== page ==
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Yacht crew plans to make waves with new tool

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Barnacles and bio-fouling have been part of Nick and Wendy Benge’s lives for years as crew of M/Y Evviva. They plan to combat the encrusters and help others clean hulls through a new business venture, marketing the Waveblade.


“It is complicated technology,” Wendy (Buck) Benge said. “It’s like a vibrating toothbrush for your boat.”


The Benges are touting the multi-purpose tool as “the world’s first marine, hand-held power barnacle remover.” It weighs about four pounds, is submersible up to 15 feet and retails for $350, she said.


“It works by vibration, the frequency does the work,” she said. “You wrap your hand around the conical shape and hold it from behind the knuckle protector when removing barnacles.”


Nick Benge is first mate and co-captain on M/Y Evviva and Wendy Benge, former full-time crew, now acts as U.S. director of sales for Waveblade, as well as relief crew on the yacht.


The entrepreneurial couple met three years ago and will have been married a year in October. The family project began when Nick Benge’s father met the inventor of the technology and started investing in it about seven years ago.


With a degree in environmental geology, Benge has always been hands on. He remembers scraping barnacles as a kid with his mom. He knows it’s a time-consuming job and that’s just one reason he believes in their business.


“It can keep yachts from being hauled for cleaning and from having new bottom paint,” he said. “It’s non-toxic and vessels will save on fuel with clean hulls.”


It’s safe on all types of material: fiberglass, steel, wood, anything, he said by phone from their home in Port Angeles, Wash., where M/Y Evviva was built.


“It will sell really well once people hold it,” he said. “They don’t quite understand how it works until they see it. And then they say ‘wow.'”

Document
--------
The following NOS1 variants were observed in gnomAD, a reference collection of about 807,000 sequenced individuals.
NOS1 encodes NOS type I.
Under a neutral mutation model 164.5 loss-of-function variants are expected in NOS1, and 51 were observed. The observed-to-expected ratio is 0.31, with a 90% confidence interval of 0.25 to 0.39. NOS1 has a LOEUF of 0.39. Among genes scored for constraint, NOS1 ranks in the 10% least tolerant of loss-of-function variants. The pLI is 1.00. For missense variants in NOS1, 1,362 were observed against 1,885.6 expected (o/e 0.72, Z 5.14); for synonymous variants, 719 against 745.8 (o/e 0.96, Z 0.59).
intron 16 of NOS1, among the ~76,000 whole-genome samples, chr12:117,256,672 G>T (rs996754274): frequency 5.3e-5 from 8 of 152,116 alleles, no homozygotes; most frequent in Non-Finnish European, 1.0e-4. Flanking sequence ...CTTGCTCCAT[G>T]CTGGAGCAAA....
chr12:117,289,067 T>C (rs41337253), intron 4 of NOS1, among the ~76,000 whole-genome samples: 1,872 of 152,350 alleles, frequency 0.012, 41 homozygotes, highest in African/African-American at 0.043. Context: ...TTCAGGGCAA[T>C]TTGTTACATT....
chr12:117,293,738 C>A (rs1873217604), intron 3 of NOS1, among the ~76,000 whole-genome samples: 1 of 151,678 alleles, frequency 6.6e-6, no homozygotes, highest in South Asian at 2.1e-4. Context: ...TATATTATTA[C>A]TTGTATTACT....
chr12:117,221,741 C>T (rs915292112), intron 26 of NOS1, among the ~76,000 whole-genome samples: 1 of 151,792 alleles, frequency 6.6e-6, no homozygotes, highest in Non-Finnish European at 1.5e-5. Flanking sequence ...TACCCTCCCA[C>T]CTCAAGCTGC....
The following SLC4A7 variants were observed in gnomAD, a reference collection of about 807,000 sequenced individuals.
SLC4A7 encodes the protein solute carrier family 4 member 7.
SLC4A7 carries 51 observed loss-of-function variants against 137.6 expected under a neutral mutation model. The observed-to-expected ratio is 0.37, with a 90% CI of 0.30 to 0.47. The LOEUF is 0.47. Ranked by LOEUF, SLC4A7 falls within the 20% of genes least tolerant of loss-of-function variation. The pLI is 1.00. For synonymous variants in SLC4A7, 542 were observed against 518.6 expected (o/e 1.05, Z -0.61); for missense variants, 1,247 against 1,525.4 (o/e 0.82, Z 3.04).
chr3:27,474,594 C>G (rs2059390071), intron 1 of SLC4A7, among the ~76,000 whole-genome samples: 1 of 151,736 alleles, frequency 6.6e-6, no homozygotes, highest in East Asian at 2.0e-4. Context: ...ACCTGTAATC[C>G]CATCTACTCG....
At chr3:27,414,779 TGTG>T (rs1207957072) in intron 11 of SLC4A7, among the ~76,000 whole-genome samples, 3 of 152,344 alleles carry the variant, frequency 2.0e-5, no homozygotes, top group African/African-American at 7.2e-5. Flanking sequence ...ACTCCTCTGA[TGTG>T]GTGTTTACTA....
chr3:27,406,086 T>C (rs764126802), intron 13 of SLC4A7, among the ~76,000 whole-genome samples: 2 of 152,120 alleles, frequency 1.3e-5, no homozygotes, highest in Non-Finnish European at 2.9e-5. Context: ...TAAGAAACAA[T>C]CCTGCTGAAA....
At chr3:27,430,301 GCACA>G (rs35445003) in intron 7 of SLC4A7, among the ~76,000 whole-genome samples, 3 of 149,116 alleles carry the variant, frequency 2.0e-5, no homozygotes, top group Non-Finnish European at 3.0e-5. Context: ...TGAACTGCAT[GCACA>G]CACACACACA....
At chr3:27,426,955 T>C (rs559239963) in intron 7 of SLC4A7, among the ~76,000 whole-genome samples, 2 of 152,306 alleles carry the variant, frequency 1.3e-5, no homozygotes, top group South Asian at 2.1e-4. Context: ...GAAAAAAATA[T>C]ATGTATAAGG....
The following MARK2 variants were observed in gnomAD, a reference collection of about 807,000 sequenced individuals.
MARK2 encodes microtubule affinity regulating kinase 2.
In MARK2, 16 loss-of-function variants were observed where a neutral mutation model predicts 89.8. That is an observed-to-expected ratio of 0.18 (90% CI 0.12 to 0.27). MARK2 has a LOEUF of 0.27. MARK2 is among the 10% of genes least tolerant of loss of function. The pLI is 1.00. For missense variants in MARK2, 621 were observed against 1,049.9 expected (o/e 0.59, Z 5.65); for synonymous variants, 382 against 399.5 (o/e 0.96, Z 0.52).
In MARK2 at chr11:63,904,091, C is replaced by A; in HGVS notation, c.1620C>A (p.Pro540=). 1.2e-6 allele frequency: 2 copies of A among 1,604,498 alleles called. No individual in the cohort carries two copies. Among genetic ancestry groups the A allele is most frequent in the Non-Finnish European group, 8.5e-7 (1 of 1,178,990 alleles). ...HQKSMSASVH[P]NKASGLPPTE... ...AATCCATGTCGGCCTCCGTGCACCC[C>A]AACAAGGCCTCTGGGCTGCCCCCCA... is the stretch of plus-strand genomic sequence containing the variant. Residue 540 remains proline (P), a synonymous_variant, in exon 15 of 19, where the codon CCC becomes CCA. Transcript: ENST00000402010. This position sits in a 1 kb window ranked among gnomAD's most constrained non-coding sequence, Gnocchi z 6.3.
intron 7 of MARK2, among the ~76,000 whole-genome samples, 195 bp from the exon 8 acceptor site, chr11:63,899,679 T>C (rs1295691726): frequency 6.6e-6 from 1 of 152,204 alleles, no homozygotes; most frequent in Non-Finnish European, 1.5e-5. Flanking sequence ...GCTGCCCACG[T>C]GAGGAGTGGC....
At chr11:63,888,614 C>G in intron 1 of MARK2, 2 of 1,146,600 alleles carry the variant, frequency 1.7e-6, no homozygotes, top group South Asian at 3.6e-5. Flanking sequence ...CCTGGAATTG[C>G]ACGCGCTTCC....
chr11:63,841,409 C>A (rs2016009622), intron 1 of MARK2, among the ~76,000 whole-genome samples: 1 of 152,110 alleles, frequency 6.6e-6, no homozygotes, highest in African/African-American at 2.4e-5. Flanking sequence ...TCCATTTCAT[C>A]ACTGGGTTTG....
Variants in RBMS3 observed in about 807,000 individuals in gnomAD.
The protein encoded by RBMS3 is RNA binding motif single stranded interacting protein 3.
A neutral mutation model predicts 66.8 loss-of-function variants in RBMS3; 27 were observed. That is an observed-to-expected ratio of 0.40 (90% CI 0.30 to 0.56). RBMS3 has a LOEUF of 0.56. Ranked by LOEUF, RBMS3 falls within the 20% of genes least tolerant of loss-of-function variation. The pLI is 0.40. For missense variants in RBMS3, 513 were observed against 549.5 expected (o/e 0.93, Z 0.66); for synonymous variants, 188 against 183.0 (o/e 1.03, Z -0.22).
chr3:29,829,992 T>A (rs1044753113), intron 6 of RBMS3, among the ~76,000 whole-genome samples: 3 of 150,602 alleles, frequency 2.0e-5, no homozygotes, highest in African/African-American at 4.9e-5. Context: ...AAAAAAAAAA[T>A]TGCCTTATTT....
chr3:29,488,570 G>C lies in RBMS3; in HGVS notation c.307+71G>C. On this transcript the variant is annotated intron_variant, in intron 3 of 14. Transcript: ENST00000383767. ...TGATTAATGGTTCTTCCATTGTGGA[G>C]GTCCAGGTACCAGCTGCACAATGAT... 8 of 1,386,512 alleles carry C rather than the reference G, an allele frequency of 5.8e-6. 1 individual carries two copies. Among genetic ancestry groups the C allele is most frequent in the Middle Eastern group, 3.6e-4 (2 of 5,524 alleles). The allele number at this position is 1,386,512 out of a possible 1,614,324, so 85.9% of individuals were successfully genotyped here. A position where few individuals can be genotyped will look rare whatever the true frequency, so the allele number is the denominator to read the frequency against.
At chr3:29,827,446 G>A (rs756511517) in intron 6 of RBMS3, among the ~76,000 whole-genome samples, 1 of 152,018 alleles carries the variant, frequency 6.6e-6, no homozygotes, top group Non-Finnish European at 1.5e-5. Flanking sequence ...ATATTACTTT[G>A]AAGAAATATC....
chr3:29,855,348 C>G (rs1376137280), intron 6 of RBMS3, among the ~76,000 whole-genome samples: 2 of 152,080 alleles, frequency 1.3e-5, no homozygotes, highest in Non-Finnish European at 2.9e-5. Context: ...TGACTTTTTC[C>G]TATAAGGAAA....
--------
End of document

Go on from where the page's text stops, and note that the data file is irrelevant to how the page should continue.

“We’ve had divers test it and their body memory made them want to apply pressure, but it’s used completely differently,” Wendy Benge said. “It’s like when you’re sawing through wood; it works better with a light touch. You can hear and feel the movement, but you can’t see the blade move.”


“It’s a no-brainer of an idea,” said Capt. Matt Barnett. “Surprise, it makes sense.”


The former yachtie, now running commercial passenger vessels in Washington, has used the tool and said cleaning a hull takes a lot of physical energy, but not with this.


“With the vibration and flexible blade, you’re not exerting big muscles, so you don’t get so tired,” he said.


Floating buildings have some of the same issues yachts have, said Trip Rumberger, owner of Greenway Sound Marine Resort in the Broughton Islands in British Columbia, Canada. He used his Waveblade to clean the PVC pipes that keep his marina afloat.


“All of our buildings are in the water,” he said. “Our flotation tubes were covered in mussels and we needed to get that weight off the buildings. I did it [used the Waveblade] from our barge in the water and the buildings came up. They rose up out of the water.”


He stripped half-inch PVC pipe and saw no damage.


“Here, we don’t have barnacles; we have mussels and they get thick,” he said. “It worked like magic. That thing is cool.”


It makes a little bit of noise sort of like a food processor, but Rumberger said he just plugged it into the cigarette lighter and cleaned about 20 feet of pipe as fast as he could move.


The Waveblade has two blade options: stainless steel for underwater use and the more flexible black steel for dry use. The Benges are distributing about 3,000 units manufactured in China around the United States and by another distributor in the U.K.


“I am a business virgin,” Wendy Benge said of her inexperience in the retail market, “but I think it will become the standard for hull maintenance.”


Aside from benefiting the yachting community, the Benges would like to see Nick Benge’s 75-year-old father’s investment finally pay off so he can retire. As for themselves, they would like to be able to fulfill other goals outside of yachting.


They have a dream of helping poor communities be self-sufficient and have begun working on a plan to help impoverished people in Afghanistan use chickens as a way out of poverty.


“They’re simple, comforting and relaxing; no wonder everything eats them,” Wendy Benge said, as the brood, named after beheaded queens, scratch around the yard at their home.


“It would also be a blessing for all of us to be able to do more of the things we want to do in the future.”

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